But I heard him exclaim, like a Saint to his disciple,
“Make Fuel, Fertilizer and Filtered Water from your food wastes; Happy Holidays to all, but please remember to Recycle!”

Methane Digesters Providing Reliable Electricity

Murphy-Brown, a subsidiary of Smithfield Foods, has announced that its two methane digesters are producing renewable energy. The methane-to-electricity project kicked off in 2012 between Circle 4 Farms located in Milford, Utah (Murphy-Brown’s livestock production subsidiary) and Alpental Energy Partners when the two companies entered into a partnership to convert hog manure to electricity.

Today, the energy produced is connected to the electricity grid and is providing electricity for residential and commercial customers in Utah.

Smithfield logo“Murphy-Brown is excited to be the engine driving this latest form of renewable energy that will allow citizens to turn on the lights in their Utah homes, while at the same time protecting the environment from greenhouse gases such as methane,” said Jim Webb, director of environmental and public affairs for Circle 4 Farms.

“On a personal level, our Milford project is very gratifying for all of us at Smithfield Foods, Murphy-Brown and Circle 4 Farms. Anyone who has observed our actions during the past decade is familiar with our commitment to sustainability. We are committed to reducing our impact on the land, water and air resources that we use in our operations,” Webb added.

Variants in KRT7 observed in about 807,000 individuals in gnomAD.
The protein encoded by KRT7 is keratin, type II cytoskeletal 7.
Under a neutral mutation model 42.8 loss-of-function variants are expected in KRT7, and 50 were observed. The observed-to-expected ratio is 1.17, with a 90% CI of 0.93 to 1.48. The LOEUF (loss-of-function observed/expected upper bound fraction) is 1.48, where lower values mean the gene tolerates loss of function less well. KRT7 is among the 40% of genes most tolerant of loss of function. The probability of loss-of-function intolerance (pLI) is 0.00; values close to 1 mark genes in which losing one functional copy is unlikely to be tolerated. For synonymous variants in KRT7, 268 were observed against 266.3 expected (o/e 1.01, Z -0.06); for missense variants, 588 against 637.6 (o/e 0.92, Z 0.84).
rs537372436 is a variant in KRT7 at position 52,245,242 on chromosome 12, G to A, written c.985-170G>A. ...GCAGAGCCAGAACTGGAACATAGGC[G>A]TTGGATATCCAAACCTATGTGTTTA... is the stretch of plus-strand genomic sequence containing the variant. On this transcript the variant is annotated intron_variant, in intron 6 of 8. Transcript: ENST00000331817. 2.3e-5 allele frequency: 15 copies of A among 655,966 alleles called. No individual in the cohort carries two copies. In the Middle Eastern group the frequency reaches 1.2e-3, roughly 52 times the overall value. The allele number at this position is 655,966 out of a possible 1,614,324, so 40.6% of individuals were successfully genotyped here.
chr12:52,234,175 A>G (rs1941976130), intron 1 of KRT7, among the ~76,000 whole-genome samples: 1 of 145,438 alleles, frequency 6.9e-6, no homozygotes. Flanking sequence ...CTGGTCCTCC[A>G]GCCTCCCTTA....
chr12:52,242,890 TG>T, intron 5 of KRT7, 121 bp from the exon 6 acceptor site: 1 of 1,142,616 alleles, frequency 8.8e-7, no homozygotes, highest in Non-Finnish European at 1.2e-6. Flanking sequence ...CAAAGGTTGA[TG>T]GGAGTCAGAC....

Webb explained that the two methane digesters installed at Milford convert some of Circle 4′s hog manure to energy, providing enough electricity to power about 3,000 homes and businesses. The manure-to-energy project has had a significant positive impact on Circle 4′s lagoons because the solid waste that is typically stored in the lagoons, is reduced.

Brady Olson, vice president of Alpental Energy Partners said of the project, “It’s a pleasure to be part of this special project. We are thrilled about our partnership with Smithfield Foods, Murphy-Brown and Circle 4 Farms, and we are looking forward to getting this project fully ramped up and to provide another source of electricity for the citizens of Utah.”

Standard Ethanol Selects Greenbelt Technology

Greenbelt Resources Corporation has been selected by Australia-based Standard Ethanol Pty. Ltd to design and deliver an end-to-end commercial-scale advanced biofuel system for converting wheat feedstock to ethanol and organic fertilizer.